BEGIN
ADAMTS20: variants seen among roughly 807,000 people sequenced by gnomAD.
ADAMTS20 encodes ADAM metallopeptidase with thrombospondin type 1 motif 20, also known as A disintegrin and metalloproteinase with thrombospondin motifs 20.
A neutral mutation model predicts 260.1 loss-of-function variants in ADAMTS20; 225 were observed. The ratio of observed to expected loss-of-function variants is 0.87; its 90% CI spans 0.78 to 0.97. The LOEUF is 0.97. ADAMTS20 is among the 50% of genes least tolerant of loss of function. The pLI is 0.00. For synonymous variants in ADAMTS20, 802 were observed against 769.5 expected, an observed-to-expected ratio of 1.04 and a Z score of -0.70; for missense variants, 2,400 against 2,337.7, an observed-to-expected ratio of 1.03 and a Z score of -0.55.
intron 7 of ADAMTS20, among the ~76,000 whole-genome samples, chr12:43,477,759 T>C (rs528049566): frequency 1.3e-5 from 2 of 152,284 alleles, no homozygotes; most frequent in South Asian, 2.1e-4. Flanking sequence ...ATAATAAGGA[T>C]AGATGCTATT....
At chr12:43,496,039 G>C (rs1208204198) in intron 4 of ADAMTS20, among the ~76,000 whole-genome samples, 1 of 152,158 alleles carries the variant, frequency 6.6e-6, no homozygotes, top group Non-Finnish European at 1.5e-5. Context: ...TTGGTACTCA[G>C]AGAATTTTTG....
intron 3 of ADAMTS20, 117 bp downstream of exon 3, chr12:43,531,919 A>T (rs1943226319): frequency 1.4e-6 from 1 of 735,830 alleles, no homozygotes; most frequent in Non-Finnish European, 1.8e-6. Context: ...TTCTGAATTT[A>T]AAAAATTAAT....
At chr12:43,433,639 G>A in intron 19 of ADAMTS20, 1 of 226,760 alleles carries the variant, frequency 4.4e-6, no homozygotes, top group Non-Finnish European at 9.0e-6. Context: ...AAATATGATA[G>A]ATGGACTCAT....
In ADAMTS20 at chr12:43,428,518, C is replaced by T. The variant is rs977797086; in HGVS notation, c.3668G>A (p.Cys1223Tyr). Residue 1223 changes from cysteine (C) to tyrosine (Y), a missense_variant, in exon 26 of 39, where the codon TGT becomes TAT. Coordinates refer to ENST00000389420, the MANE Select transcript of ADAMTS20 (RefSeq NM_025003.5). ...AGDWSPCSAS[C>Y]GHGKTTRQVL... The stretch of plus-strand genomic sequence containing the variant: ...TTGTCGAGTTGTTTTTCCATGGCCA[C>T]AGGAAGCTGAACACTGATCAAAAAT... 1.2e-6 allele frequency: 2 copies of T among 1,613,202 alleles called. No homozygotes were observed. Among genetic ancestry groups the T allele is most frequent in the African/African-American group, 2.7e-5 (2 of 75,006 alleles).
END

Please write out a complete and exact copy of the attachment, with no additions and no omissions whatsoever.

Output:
ADAMTS20: variants seen among roughly 807,000 people sequenced by gnomAD.
ADAMTS20 encodes ADAM metallopeptidase with thrombospondin type 1 motif 20, also known as A disintegrin and metalloproteinase with thrombospondin motifs 20.
A neutral mutation model predicts 260.1 loss-of-function variants in ADAMTS20; 225 were observed. The ratio of observed to expected loss-of-function variants is 0.87; its 90% CI spans 0.78 to 0.97. The LOEUF is 0.97. ADAMTS20 is among the 50% of genes least tolerant of loss of function. The pLI is 0.00. For synonymous variants in ADAMTS20, 802 were observed against 769.5 expected, an observed-to-expected ratio of 1.04 and a Z score of -0.70; for missense variants, 2,400 against 2,337.7, an observed-to-expected ratio of 1.03 and a Z score of -0.55.
intron 7 of ADAMTS20, among the ~76,000 whole-genome samples, chr12:43,477,759 T>C (rs528049566): frequency 1.3e-5 from 2 of 152,284 alleles, no homozygotes; most frequent in South Asian, 2.1e-4. Flanking sequence ...ATAATAAGGA[T>C]AGATGCTATT....
At chr12:43,496,039 G>C (rs1208204198) in intron 4 of ADAMTS20, among the ~76,000 whole-genome samples, 1 of 152,158 alleles carries the variant, frequency 6.6e-6, no homozygotes, top group Non-Finnish European at 1.5e-5. Context: ...TTGGTACTCA[G>C]AGAATTTTTG....
intron 3 of ADAMTS20, 117 bp downstream of exon 3, chr12:43,531,919 A>T (rs1943226319): frequency 1.4e-6 from 1 of 735,830 alleles, no homozygotes; most frequent in Non-Finnish European, 1.8e-6. Context: ...TTCTGAATTT[A>T]AAAAATTAAT....
At chr12:43,433,639 G>A in intron 19 of ADAMTS20, 1 of 226,760 alleles carries the variant, frequency 4.4e-6, no homozygotes, top group Non-Finnish European at 9.0e-6. Context: ...AAATATGATA[G>A]ATGGACTCAT....
In ADAMTS20 at chr12:43,428,518, C is replaced by T. The variant is rs977797086; in HGVS notation, c.3668G>A (p.Cys1223Tyr). Residue 1223 changes from cysteine (C) to tyrosine (Y), a missense_variant, in exon 26 of 39, where the codon TGT becomes TAT. Coordinates refer to ENST00000389420, the MANE Select transcript of ADAMTS20 (RefSeq NM_025003.5). ...AGDWSPCSAS[C>Y]GHGKTTRQVL... The stretch of plus-strand genomic sequence containing the variant: ...TTGTCGAGTTGTTTTTCCATGGCCA[C>T]AGGAAGCTGAACACTGATCAAAAAT... 1.2e-6 allele frequency: 2 copies of T among 1,613,202 alleles called. No homozygotes were observed. Among genetic ancestry groups the T allele is most frequent in the African/African-American group, 2.7e-5 (2 of 75,006 alleles).